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Virtual reality treadmill training could help prevent falls

Combined virtual reality and treadmill training helps prevent falls in older adults better than treadmill training alone

Ingrid Torjesen

Friday, 12 August 2016

Combining virtual reality and treadmill training helps prevent falls in older adults better than treadmill training alone, according to a new randomised controlled trial* published in The Lancet.

The researchers say that the intervention, which combines the physical and cognitive aspects of walking, could potentially be used in gyms, rehabilitation centres or nursing homes to improve safe walking and prevent falls in older adults or people with disorders which affect movement such as Parkinson's disease.

Falls in adults aged 65 and over account for 1-2% of all healthcare expenditure in high-income countries. Three in ten older adults living in the community, and as many as 60-80% of older adults with mild cognitive impairment, dementia or Parkinson's disease, fall at least once a year.

The researchers analysed data from 282 participants from five clinical sites in Belgium, Israel, Italy, the Netherlands, and the UK between 2013 and 2015. All participants were aged 60-90, were able to walk at least 5 minutes unassisted, on stable medication, and had reported at least two falls in the six months before the start of the study. Nearly half of all participants (130) had Parkinson's disease, and some (43) had mild cognitive impairment.

Participants were assigned to treadmill training with virtual reality (146), or treadmill training alone (136). The virtual reality component consisted of a camera that captured the movement of participants' feet and projected it onto a screen in front of the treadmill, so that participants could 'see' their feet walking on the screen in real time. The game-like simulation was designed to reduce the risk of falls in older adults by including real-life challenges, such as avoiding and stepping over obstacles like puddles or hurdles, and navigating.

On average, participants in each group took part in 16 training sessions over six weeks, with each session lasting about 45 minutes. Fall rates were recorded in the six months following the end of training. Prior to training, participants in the treadmill only group had an average of 10.7 falls per six months, and participants in the treadmill plus virtual reality group averaged 11.9 falls per six months.

During the six months after training, the incidence rate of falls decreased in both groups, but the decrease was only statistically significant in the treadmill plus virtual reality group (11.9 to 6.0 falls in the virtual reality group - a 42% reduction; compared to a decrease from 10.7 to 8.3 in the treadmill only group).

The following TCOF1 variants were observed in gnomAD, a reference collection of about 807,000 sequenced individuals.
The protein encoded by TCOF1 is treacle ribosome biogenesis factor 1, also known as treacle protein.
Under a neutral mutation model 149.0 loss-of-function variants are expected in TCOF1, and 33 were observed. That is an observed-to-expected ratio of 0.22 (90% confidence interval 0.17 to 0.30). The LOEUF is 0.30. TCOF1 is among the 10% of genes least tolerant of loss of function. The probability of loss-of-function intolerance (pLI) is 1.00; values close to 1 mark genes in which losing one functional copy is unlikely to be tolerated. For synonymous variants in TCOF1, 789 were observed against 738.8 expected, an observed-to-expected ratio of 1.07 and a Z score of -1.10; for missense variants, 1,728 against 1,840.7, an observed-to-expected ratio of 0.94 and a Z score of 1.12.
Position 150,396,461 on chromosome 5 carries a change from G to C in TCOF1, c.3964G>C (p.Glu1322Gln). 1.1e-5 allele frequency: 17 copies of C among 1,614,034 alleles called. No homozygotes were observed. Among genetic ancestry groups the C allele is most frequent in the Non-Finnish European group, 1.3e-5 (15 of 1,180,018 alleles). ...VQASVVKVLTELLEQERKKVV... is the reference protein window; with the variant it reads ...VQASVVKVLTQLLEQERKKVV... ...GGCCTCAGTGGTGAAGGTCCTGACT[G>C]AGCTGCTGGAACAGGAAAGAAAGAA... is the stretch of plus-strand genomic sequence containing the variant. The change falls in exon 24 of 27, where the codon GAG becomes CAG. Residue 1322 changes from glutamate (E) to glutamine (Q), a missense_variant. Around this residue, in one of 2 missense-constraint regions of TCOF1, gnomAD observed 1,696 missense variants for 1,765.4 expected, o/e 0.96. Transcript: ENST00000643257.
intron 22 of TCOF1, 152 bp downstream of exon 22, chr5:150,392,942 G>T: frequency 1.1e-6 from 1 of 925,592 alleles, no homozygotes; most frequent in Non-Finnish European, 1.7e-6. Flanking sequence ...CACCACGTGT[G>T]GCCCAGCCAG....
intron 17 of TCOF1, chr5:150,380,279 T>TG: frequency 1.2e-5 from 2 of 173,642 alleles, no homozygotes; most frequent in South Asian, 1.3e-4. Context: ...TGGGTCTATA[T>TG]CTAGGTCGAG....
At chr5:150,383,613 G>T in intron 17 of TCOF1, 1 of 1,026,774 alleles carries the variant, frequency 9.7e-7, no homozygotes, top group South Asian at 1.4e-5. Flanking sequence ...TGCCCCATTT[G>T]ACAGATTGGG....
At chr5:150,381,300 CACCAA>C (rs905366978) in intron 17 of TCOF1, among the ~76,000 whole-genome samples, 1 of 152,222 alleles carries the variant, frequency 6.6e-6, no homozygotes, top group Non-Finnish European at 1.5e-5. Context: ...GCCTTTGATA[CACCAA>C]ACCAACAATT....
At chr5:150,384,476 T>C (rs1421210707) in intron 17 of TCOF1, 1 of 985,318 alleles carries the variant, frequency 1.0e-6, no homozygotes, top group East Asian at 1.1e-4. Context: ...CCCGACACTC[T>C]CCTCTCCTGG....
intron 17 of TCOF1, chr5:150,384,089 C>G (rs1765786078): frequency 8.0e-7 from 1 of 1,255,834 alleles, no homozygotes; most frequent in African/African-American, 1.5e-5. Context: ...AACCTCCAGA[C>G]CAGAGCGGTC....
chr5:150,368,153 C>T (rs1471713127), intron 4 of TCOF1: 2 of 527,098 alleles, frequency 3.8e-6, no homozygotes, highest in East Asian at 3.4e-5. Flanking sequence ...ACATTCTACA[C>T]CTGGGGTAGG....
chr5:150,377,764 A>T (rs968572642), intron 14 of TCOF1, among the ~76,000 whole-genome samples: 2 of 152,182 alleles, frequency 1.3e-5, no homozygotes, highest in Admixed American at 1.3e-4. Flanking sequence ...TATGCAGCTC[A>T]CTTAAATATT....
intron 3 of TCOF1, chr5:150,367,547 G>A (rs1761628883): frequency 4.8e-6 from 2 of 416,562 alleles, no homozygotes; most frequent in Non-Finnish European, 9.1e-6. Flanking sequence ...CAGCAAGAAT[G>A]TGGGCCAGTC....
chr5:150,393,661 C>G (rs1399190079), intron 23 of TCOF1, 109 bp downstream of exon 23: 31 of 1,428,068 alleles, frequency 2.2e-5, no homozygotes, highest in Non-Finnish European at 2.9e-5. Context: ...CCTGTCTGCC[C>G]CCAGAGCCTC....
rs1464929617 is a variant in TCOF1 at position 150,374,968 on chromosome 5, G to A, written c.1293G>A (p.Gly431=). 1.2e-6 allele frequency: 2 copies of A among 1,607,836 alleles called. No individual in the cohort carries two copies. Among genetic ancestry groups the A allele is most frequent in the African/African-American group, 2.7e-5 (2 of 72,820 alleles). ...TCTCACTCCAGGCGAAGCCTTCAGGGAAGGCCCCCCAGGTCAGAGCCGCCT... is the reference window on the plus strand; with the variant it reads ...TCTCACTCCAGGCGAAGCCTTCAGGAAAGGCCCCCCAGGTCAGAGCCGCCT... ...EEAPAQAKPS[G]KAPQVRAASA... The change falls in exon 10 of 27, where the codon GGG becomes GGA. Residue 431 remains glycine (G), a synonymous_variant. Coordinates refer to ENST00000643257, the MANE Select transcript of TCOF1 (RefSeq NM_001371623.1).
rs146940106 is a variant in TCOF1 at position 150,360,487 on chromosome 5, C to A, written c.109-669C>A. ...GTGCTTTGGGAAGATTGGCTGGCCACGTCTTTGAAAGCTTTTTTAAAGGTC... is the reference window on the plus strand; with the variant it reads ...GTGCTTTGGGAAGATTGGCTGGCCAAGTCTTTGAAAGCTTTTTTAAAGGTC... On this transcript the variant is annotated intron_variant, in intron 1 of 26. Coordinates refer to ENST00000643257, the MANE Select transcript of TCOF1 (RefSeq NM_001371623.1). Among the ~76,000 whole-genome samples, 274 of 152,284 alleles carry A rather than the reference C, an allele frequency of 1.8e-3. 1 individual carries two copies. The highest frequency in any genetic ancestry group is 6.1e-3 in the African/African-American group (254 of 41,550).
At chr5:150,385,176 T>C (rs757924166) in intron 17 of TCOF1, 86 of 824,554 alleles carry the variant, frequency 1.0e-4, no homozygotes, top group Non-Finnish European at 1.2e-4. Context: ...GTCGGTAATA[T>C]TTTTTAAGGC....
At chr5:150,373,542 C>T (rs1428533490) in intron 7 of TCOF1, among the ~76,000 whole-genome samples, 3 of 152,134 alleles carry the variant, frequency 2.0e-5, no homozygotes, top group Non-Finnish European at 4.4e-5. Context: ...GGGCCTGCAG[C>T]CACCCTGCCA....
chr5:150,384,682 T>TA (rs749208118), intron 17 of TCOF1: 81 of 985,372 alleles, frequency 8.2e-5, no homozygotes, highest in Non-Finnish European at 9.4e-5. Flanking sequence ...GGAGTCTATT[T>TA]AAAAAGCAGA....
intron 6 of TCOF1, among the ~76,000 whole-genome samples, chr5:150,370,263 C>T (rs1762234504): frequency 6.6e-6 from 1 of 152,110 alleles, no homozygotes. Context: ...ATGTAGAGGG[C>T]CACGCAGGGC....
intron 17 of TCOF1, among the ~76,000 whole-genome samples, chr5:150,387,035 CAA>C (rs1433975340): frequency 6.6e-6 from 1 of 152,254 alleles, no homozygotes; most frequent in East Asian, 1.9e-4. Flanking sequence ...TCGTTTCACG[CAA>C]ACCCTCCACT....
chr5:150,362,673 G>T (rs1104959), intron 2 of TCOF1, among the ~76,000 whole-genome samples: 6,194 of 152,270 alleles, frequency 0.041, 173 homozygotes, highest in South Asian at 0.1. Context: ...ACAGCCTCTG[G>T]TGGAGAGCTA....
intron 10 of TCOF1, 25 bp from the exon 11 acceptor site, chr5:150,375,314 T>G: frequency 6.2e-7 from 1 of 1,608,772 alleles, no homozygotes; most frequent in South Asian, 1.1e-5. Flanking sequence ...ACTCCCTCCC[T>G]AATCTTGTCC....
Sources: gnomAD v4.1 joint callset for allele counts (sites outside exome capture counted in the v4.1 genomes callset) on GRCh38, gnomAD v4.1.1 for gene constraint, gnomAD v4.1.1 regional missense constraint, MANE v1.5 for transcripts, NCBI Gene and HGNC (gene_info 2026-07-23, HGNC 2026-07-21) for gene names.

Dr Anat Mirelman, Center for the study of Movement, Cognition and Mobility (CMCM), Neurology Institute, Tel Aviv Sourasky Medical Center, and Sackler School of Medicine, Tel Aviv University, Israel, said: "Falls in older people often occur because of tripping and poor obstacle negotiation while walking. Falls often start a vicious cycle, which has many important negative health consequences. Older people's ability to negotiate obstacles can be impaired because of age-related decline in cognitive abilities like motor planning, divided attention, executive control, and judgement, yet current interventions for falls in older adults typically focus on improving muscle strength, balance, and gait.

"Our approach combines treadmill exercise and virtual reality to help improve both physical mobility and cognitive aspects that are important for safe walking. We found that virtual reality plus treadmill training helped to reduce fall frequency and fall risk for at least six months after training."

The biggest improvement was seen in participants with Parkinson's disease, and the researchers suggest that this could be due to a number of factors, including that they had higher rates of falls at the start of the study, or that virtual reality was able to help improve cognitive and motor skills which are affected in Parkinson's disease.

Dr Mirelman said: "Treadmills are widely available, and the additional cost of treadmill training plus virtual reality is about 4,000 Euros for the set-up. Our study used personalised supervision, but this might not be necessary in everyday practice where group training might be more suitable."

* Mirelman A, et al. Addition of a non-immersive virtual reality component to treadmill training to reduce fall risk in older adults (V-TIME): a randomised controlled trial. The Lancet, published online: 11 August 2016. DOI: 10.1016/S0140-6736(16)31325-3

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